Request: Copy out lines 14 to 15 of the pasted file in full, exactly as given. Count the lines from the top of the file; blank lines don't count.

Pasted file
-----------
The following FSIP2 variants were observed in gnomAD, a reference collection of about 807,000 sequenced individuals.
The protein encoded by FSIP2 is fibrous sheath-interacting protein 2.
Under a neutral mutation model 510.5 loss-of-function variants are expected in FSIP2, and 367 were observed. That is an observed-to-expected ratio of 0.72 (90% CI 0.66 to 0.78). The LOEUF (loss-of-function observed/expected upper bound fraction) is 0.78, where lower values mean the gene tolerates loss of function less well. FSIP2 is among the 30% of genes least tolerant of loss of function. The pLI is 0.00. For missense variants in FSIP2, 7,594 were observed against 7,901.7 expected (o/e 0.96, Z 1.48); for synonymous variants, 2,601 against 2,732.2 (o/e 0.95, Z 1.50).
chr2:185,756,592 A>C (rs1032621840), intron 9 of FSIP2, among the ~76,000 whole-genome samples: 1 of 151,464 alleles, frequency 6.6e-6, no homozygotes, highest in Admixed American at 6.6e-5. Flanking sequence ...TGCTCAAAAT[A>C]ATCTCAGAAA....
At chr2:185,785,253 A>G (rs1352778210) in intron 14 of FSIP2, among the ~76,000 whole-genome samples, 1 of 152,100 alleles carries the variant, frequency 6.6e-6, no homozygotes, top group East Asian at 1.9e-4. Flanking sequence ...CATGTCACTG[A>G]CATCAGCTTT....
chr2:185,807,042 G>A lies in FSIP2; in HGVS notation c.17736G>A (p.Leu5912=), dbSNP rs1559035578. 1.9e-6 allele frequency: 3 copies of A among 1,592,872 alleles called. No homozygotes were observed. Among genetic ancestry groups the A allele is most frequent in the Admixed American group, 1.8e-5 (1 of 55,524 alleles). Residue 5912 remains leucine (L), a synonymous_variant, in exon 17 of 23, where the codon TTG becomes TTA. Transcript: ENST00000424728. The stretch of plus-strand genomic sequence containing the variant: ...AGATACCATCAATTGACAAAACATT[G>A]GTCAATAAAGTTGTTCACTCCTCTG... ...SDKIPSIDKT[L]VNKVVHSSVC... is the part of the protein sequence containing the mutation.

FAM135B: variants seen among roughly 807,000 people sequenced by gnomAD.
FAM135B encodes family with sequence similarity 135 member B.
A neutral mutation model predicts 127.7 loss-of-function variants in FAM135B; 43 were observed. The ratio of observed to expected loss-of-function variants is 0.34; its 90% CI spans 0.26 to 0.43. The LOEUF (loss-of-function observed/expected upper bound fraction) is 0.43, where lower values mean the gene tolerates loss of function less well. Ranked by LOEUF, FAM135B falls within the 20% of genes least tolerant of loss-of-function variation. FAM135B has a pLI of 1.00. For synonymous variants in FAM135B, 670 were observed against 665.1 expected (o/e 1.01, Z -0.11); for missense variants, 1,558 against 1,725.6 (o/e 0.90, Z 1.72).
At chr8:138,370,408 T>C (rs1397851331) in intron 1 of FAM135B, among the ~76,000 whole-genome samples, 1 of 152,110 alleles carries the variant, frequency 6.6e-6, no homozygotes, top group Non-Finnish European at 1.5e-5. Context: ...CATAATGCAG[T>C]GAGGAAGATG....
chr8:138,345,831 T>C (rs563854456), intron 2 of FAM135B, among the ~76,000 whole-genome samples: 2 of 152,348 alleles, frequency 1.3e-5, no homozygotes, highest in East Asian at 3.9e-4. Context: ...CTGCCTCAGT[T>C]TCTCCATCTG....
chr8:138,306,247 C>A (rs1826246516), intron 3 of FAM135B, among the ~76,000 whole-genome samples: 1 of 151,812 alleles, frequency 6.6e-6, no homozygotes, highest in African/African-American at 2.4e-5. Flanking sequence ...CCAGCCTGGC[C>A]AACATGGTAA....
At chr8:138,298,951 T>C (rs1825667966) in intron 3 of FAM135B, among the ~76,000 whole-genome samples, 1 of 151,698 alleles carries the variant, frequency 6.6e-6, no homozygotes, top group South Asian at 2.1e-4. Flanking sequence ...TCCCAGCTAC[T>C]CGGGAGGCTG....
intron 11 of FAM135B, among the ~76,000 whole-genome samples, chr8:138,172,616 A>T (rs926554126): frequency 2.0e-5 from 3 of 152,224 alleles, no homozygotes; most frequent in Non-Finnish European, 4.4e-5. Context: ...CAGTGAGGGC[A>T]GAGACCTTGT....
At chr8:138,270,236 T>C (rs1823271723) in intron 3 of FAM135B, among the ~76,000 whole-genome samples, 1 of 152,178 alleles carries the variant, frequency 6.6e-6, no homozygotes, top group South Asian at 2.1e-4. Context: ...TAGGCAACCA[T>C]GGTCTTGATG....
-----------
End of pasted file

intron 11 of FAM135B, among the ~76,000 whole-genome samples, chr8:138,172,616 A>T (rs926554126): frequency 2.0e-5 from 3 of 152,224 alleles, no homozygotes; most frequent in Non-Finnish European, 4.4e-5. Context: ...CAGTGAGGGC[A>T]GAGACCTTGT....
At chr8:138,270,236 T>C (rs1823271723) in intron 3 of FAM135B, among the ~76,000 whole-genome samples, 1 of 152,178 alleles carries the variant, frequency 6.6e-6, no homozygotes, top group South Asian at 2.1e-4. Context: ...TAGGCAACCA[T>C]GGTCTTGATG....